A study by the Harvard-affiliated Massachusetts General Hospital looks into the link between stress levels and multiple sclerosis.

A recent study by the Harvard-affiliated Massachusetts General Hospital (MGH) indicates how a low-stress, positive mind-body attitude could reduce the need for healthcare services by up to 43 per cent.

The paper’s authors noted that stress-related illnesses, such as anxiety and depression, are the third-highest causes of health expenditures in the United States after heart disease and cancer (which also are affected by stress). Data was analysed from more than 4,400 participants to the 3RP (BHI Relaxation Response Resiliency program) from 2006 to 2014, and compared before and after their participation and against a demographically matched control group of almost 13,150 RPDR (Research Patient Data Registry of Partners Healthcare) Partners patients over a similar two year period The study, based at MGH’s Institute for Technology Assessment and the Benson-Henry Institute (BHI) for Mind Body Medicine, found that individuals in the relaxation-response program used fewer health care services in the year after their participation than in the preceding year.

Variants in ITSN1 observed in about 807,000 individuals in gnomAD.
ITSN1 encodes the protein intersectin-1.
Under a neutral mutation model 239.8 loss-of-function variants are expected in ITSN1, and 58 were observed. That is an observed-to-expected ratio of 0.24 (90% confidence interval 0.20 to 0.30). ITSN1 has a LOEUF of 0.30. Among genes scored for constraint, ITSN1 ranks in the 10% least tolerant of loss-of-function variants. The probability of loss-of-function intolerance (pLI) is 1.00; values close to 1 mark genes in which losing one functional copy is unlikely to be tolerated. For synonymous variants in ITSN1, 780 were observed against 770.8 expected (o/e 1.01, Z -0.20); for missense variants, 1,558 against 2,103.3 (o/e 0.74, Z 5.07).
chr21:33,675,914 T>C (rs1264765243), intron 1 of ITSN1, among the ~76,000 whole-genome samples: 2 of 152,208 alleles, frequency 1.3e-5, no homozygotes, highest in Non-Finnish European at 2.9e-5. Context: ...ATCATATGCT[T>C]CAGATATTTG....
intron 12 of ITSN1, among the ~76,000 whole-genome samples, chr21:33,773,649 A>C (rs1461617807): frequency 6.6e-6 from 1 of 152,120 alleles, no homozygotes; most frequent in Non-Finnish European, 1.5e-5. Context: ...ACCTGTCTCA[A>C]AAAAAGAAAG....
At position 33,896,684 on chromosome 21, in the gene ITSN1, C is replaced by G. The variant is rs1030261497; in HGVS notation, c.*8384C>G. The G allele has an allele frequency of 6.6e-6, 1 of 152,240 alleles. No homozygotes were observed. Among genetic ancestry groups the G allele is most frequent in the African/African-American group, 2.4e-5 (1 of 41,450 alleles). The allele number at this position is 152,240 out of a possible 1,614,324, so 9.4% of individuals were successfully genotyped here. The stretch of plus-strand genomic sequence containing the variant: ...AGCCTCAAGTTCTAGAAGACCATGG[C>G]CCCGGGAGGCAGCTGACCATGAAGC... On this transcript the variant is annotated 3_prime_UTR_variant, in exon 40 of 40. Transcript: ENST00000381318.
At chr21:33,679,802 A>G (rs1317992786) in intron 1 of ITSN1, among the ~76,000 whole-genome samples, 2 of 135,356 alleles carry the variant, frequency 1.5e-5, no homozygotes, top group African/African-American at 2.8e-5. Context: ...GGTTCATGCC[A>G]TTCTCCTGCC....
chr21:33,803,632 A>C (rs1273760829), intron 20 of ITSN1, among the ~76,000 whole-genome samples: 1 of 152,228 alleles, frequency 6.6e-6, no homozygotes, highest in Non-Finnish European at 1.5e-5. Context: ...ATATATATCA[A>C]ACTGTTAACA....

Our study’s primary finding is that programs that train patients to elicit the relaxation response — specifically those taught at the BHI — can also dramatically reduce health care utilization,” said James E. Stahl of the MGH Institute for Technology Assessment, who led the study.

“These programs promote wellness and, in our environment of constrained health care resources, could potentially ease the burden on our health delivery systems at minimal cost and at no real risk.”

Professor George Jelinek's Overcoming Multiple Sclerosis recovery program has always recommended stress management as one of the vital lifestyle changes in managing MS, alongside regular exercise, receiving adequate sunlight and vitamin D, medication (when needed) and switching to a healthy, OMS-friendly diet.

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